Mrs Heelis hired an extra shepherd for lambing time each year to help Tom Storey. His name was Joseph Moscrop. He first went to help in 1926 and must have made a good impression because he was invited back every year for the next seventeen years. They wrote each other letters full of affection and friendship and mutual respect, the last one sent to him just nine days before her death in 1943. I love these letters. Ostensibly they were written in order to agree the wage for Joseph’s work, about which the haggling goes on for a long time each year, but because they are letters between friends, Beatrix also writes to him of the day-to-day, week-to-week happenings of a fell farm. Sheepdogs being too rough, waging war on the flies that make sheep suffer, the price of fat lambs, how the pet lambs are doing, whether the cattle are ‘good doers’, the merits or flaws of other sheep men, or whether Joseph knows of a good sheepdog for sale. She writes of sheep caught behind walls by snowdrifts, the falling price of wool, maggots on the sheep, shepherds being called up to fight in the war, and the state of the potato crop. Lots of the names mentioned in those letters are those of the grandfathers of the men I know now.

Mrs Beatrix Heelis died on 22 December 1943. Her death was reported in the Herdwick Sheep Breeders’ Association Flock Book in amongst the other respected members of the breed community who had passed away, a tradition that continues to this day. No more, and no less, important than the others. She would have asked for no more.

Her will is a remarkable document for someone who will always be known for her children’s books. It is not really about the books, but is instead full of concern for her legacy of farms, the ongoing care and respect of her tenants and the future of the fell-farming way of life.

She put her money where her mouth was, handing fifteen farms and 4,000 acres to the National Trust. She stipulated that her fell farms should have fell-going flocks of the ‘pure Herdwick breed’. Soon after her death, her husband, William Heelis, the local land agent, sent a letter to Joseph Moscrop, asking him to come for the lambing. Joseph replied as he always had, demanding a higher wage, and Mr Heelis, who didn’t know about the friendly haggling game between friends that Beatrix and Joseph had played through these letters for years (and being a little more formal in his social attitudes), replied to say that the suggested wages were impossible and that they should break the ‘old connection’. So neither Beatrix nor Joseph saw lambing time at Troutbeck Park again.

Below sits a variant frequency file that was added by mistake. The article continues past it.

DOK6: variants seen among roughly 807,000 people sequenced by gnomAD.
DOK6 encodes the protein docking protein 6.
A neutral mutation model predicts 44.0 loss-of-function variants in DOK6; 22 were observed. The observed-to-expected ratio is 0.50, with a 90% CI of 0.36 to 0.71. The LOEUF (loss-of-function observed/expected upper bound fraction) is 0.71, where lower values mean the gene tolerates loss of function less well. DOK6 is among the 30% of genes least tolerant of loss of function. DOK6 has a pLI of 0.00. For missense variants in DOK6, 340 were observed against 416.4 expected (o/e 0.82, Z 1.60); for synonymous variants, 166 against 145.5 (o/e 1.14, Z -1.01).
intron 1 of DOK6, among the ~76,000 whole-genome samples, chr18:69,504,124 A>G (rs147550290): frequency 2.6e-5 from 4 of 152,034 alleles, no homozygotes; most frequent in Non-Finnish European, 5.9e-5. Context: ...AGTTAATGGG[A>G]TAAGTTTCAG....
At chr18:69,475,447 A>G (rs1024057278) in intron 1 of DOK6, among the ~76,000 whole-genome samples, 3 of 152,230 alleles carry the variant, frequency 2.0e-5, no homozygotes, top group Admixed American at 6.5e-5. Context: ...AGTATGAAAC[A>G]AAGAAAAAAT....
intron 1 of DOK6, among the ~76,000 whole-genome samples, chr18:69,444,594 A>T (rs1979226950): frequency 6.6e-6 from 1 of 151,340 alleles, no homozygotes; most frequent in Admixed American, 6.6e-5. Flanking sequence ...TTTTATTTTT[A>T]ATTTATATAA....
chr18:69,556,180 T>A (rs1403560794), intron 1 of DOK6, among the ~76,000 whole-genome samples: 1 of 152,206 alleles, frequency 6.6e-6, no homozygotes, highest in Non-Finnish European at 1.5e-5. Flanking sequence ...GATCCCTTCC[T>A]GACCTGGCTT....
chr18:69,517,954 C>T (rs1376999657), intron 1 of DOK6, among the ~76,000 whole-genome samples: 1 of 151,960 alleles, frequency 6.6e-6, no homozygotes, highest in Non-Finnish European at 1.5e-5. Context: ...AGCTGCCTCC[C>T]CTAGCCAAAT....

Beatrix Potter wrote about the smit marks on sheep in The Tale of Mrs. Tiggy-Winkle. She has the little girl asking the washerwoman hedgehog about the lambs’ coats she is washing and is told:

‘Oh yes, if you please’m; look at the sheep-mark on the shoulder. And here’s one marked for Gatesgarth, and three that come from Little-town. They’re always marked at washing!’ said Mrs. Tiggy-Winkle.

Beatrix Potter knew the three farms around the Newlands Valley where the tale is set: Skelghyl, Littletown and Gatesgarth. She knew their flocks, their ‘smit marks’, and would have known of their shepherds. More than a century after she wrote those words, we still know those flocks, but God only knows what they think of these references in Japan, where her books sell so well.

The Shepherd's Life James Rebanks

The phenomenal No. 1 Sunday Times bestseller, now in paperback